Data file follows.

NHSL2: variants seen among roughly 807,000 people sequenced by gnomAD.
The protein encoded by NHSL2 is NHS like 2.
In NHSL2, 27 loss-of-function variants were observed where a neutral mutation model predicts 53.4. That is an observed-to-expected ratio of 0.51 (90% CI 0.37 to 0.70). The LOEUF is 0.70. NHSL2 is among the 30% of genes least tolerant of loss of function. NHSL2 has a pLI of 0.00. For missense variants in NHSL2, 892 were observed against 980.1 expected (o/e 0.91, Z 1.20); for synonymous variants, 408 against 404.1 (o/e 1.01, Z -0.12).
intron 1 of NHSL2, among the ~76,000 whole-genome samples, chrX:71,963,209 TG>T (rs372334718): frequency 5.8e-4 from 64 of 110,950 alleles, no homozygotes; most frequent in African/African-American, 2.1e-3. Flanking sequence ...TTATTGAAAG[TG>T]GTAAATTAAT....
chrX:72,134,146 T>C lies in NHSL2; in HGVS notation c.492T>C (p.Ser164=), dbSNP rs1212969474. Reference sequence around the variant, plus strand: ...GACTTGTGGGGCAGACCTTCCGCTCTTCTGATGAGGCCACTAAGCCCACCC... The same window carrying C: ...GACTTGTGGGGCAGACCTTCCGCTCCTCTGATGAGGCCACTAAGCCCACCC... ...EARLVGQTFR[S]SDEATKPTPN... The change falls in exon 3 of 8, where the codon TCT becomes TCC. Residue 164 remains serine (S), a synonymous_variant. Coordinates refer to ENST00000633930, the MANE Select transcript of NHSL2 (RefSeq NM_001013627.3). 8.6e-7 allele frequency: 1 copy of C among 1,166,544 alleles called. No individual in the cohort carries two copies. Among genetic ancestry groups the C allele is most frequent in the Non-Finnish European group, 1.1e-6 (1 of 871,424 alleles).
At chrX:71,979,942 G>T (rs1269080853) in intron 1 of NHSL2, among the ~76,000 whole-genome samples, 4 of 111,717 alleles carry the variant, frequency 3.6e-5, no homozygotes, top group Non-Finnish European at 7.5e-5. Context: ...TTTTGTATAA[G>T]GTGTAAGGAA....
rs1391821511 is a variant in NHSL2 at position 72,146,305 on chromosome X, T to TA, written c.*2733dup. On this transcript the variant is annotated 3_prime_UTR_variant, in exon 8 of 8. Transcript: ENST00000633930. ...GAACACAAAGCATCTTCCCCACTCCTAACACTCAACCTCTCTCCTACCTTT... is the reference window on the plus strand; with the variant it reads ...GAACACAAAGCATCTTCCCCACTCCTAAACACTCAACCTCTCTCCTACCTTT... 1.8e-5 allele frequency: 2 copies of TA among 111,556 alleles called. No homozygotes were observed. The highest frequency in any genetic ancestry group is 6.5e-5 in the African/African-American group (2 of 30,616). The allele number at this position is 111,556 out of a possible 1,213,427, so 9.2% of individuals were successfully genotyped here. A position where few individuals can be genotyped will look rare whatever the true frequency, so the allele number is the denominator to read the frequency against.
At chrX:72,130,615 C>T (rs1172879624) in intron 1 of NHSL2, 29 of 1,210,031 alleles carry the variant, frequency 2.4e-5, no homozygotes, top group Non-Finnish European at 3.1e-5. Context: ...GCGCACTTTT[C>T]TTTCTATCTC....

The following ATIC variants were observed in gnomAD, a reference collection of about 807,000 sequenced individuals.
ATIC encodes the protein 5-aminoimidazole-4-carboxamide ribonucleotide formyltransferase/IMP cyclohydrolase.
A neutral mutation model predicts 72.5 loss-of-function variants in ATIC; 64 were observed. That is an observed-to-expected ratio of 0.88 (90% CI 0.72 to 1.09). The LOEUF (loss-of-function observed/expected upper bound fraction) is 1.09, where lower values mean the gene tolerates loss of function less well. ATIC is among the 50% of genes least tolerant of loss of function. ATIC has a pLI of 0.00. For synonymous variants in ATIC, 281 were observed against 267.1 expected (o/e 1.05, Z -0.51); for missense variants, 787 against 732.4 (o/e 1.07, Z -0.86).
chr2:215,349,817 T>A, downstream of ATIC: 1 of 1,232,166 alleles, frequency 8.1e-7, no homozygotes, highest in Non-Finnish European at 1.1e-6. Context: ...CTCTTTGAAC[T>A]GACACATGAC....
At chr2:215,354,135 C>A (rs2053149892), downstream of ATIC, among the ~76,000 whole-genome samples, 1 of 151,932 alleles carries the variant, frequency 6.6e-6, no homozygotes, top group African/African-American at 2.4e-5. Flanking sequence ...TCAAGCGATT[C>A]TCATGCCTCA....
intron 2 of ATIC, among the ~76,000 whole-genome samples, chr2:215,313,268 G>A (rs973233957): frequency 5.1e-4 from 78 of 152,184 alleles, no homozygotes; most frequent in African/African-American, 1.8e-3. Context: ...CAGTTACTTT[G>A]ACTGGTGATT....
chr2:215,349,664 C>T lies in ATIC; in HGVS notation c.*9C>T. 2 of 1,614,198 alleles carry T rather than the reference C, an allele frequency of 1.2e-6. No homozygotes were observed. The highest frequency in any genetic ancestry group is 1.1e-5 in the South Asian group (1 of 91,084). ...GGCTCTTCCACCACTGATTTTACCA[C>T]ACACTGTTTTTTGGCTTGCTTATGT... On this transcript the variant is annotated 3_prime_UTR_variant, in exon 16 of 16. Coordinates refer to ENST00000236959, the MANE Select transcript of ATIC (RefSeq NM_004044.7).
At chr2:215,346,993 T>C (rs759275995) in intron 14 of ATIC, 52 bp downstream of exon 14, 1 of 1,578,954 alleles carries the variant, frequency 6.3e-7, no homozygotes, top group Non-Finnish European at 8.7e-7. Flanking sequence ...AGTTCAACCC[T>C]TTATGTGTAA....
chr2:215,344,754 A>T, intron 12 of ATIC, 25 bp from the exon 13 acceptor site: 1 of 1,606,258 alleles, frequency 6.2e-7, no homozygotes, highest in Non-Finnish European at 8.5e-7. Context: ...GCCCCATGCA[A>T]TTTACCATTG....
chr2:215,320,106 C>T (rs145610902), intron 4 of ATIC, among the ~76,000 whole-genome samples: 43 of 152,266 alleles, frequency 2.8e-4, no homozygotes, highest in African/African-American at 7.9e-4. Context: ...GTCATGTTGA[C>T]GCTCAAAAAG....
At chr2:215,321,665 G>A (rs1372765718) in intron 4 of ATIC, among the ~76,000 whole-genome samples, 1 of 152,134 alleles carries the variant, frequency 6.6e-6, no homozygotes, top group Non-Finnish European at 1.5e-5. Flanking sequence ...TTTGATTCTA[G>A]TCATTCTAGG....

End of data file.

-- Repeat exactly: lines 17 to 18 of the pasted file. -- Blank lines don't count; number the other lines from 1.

chr2:215,344,754 A>T, intron 12 of ATIC, 25 bp from the exon 13 acceptor site: 1 of 1,606,258 alleles, frequency 6.2e-7, no homozygotes, highest in Non-Finnish European at 8.5e-7. Context: ...GCCCCATGCA[A>T]TTTACCATTG....
chr2:215,320,106 C>T (rs145610902), intron 4 of ATIC, among the ~76,000 whole-genome samples: 43 of 152,266 alleles, frequency 2.8e-4, no homozygotes, highest in African/African-American at 7.9e-4. Context: ...GTCATGTTGA[C>T]GCTCAAAAAG....